How burial, memorials and support groups can ease the pain of a pet’s death

Justin Crumlish, who operates Gateway Pet Cemetery and Crematory with his wife, surveys the grounds in San Bernardino.
(Wes Bausmith / Los Angeles Times)

When a pet dies, the human survivors face a series of practical decisions: how to dispose of the remains, how (and whether) to inform friends and colleagues. Many of us will ponder a memorial or a tribute on social media. And some of us will seek assistance in dealing with grief, which can’t be put away as easily as a water dish and a chew toy.

A place to rest

Nestled in a leafy glade along the 215 Freeway, San Bernardino’s Gateway Pet Cemetery & Crematory includes tidy rows of small headstones that break up a great expanse of grass. On a Monday afternoon, even with the constant thrum of life on the nearby highway, Gateway felt like a tranquil place.


The cemetery, which opened in 1959, long before the freeway came through, is one of several in California (there are hundreds nationwide). During a tour of the grounds, Justin Crumlish, who runs the cemetery with his wife, Danielle, listed their services: standard cremations, burials, viewings, paw prints, poems and memorials tailored to each client’s wishes.

“I’m in the business for people dealing with grief,” Crumlish said.

The cost for burial services at Gateway averages $400 to $500. Cremations without burial are much less expensive, starting at $80. The fees include perpetual care and maintenance of the grounds, and a key that allows unlimited access to the cemetery. “I have a lot of clients, a lot of people to take care of, and that’s my main goal,” Crumlish said.

Tombstones are engraved with acknowledgments of devotion: “Best friend,” “Always in our hearts,” “Forever my girl.” They’re gone but not forgotten here. Bouquets of flowers dot the landscape, some of them marking graves that are decades old.

Survival training

Sandra Grossman, who has a doctorate in organizational psychology, became a certified pet loss and bereavement counselor after a particularly painful experience in dealing with the loss of her cat, which happened not long after the deaths of her parents. Grossman’s practice, PetLoss Partners, is part of a growing trend.

Indeed, Southern California is home to many support groups for people dealing with such loss. Grief counselors partner with some veterinarians’ practices, the American Society for the Prevention of Cruelty to Animals provides programs for families with children whose pets have died or are dying, and most pet funeral facilities affiliate themselves with support networks.


Grossman received her training in this area through the nonprofit Assn. for Pet Loss and Bereavement (, an online resource for people facing end-of-life issues with their pets. Chats, support groups, practical resources such as services that provide in-home euthanasia, and options for one-on-one counseling are available through the website.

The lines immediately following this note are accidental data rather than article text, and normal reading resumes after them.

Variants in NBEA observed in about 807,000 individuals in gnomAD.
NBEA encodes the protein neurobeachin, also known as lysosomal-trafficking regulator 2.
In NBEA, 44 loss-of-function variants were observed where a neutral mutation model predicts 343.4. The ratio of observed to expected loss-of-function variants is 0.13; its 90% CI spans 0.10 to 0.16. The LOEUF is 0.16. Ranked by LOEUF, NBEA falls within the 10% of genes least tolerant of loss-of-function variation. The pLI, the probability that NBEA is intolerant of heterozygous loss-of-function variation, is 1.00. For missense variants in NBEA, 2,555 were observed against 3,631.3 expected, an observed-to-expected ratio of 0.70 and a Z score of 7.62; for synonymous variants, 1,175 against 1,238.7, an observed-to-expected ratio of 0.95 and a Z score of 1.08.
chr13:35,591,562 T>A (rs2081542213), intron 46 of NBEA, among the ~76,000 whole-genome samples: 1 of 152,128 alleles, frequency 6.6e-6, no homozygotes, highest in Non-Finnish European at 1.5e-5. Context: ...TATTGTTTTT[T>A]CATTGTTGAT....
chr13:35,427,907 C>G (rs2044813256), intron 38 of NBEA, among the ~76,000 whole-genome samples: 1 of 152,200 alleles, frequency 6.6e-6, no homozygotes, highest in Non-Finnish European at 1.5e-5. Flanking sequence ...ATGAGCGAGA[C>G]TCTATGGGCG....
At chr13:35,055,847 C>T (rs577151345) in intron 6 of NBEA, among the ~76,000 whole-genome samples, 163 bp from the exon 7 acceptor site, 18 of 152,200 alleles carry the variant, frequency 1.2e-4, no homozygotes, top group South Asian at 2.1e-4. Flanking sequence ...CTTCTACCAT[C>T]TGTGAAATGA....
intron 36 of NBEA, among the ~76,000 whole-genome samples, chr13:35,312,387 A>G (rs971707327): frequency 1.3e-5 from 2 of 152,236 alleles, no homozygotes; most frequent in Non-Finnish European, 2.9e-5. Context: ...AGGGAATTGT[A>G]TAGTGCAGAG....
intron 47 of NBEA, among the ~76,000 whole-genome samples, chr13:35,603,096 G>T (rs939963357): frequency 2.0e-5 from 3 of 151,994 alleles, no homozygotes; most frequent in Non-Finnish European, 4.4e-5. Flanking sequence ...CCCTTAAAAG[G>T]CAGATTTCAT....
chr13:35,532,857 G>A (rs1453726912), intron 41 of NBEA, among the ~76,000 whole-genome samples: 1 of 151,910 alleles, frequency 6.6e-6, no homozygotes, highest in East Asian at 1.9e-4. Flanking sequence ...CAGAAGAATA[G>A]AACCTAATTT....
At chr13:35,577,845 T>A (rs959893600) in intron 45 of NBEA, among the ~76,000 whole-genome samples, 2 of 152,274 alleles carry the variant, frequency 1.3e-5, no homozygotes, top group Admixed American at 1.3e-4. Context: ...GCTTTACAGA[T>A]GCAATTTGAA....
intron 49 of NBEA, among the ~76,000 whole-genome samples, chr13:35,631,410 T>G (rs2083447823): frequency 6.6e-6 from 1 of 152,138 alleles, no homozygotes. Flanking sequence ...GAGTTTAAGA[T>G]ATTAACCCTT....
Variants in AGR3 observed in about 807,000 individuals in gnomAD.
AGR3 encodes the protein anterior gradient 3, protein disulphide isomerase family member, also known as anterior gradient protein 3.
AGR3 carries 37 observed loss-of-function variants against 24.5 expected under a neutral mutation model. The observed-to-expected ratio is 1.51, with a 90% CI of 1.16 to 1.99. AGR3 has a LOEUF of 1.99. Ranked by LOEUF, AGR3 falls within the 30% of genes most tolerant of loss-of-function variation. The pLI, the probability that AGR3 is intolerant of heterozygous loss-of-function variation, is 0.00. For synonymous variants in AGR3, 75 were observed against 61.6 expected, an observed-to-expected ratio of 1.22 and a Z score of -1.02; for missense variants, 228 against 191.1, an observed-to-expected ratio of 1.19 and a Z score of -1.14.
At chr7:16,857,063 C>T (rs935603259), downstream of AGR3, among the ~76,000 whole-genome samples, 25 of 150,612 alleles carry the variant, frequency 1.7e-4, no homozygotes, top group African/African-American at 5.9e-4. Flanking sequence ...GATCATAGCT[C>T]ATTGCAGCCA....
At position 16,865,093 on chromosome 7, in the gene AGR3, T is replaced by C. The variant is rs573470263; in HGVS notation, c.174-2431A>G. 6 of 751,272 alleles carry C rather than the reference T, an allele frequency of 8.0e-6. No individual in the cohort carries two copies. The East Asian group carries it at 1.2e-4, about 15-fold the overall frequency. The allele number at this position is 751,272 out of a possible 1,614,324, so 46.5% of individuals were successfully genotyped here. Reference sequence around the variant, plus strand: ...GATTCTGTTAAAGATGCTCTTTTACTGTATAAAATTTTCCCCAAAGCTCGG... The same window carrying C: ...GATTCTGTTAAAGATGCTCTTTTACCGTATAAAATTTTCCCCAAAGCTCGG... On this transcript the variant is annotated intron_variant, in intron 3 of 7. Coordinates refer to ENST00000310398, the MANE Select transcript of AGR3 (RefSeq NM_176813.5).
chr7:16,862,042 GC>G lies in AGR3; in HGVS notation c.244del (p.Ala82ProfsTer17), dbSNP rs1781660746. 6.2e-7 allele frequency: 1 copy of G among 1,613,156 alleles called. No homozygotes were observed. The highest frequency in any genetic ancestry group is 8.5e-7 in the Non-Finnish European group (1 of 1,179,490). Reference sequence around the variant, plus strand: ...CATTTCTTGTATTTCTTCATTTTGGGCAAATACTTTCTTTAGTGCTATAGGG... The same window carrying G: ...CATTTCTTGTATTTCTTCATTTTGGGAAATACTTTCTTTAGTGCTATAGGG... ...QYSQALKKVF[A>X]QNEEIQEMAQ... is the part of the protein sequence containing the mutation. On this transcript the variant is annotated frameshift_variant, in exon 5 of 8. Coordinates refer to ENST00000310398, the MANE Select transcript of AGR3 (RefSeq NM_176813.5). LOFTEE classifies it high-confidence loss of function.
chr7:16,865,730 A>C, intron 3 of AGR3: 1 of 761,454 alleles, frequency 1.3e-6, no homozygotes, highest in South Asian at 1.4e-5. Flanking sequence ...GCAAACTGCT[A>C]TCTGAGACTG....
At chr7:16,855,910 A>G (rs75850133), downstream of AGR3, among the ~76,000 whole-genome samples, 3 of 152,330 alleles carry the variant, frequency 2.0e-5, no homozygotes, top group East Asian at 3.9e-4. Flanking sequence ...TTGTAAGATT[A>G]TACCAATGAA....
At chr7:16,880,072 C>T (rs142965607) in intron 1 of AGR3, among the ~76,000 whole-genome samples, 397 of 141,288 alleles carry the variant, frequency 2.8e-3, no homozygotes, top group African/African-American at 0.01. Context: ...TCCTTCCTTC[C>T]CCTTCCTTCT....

“Our groups are not therapy; they’re support groups,” said Grossman, whose PetLoss Partners offers support groups in Glendale and on the Westside and individual and family counseling by phone or in person. “Our society is horrible in dealing with grief in general and especially so with pet loss.”

It is, she added, “a really disenfranchised type of grief.” Friends and colleagues may not understand the depth of loss associated with losing a pet. In the support group, “you can say what you need to say without being judged.”


There are many ways to commemorate a death. For some pet owners, that means an online obituary or tributes on social media. Some make donations in their pet’s name to a favorite animal rescue group or charity, or volunteer at an animal shelter.

“Finding some way to memorialize [pets] is very important,” Grossman said. “Two or three times a year we do a balloon memorial. We use environmentally safe balloons [and] take them to a park or some area with access to the sky. People write what they want on the balloons, and they are released. It’s a way of letting go.”


At Gateway, letting go has changed over the years. “I’d say 80 to 90% of our business now is cremations,” Crumlish said. “But some people still prefer burial.” Cremated remains can be distributed at Gateway or buried there. Most owners retrieve them in little pine boxes so the ashes can be scattered in a special place.

Some people wear jewelry that incorporates a pet’s ashes. It’s a growing trend, Crumlish said. “The jewelry that was offered before was more for women, but there are these dog tags now that guys like. They’re hollow and you put a little bit of the ashes in there.”

Where you may always keep them close to your heart.


Resources for owners who have lost a beloved pet

Many resources are available online for people dealing with the death of a pet. They include in-home euthanasia services, services that will pick up a pet’s body and deliver it to a cemetery or crematory, and counselors who can help with bereavement and grief. Here are a few.


Los Angeles Pet Memorial Park and Crematorium, 5068 Old Scandia Lane, Calabasas, (818) 591-7037,


Gateway Pet Cemetery & Crematory, 3850 Frontage Road, San Bernardino, (909) 885-1600,

Pet Haven Cemetery & Crematory; 18300 S. Figueroa St., Gardena, (310) 532-2477,

Cal Pet Crematory; 9595 Glenoaks Blvd., Sun Valley, (818) 983-2313,


PetLoss Partners. Sandra Grossman and Ellie Freedman. (818) 421-1516,


Assn. for Pet Loss and Bereavement;

Pet Partners;



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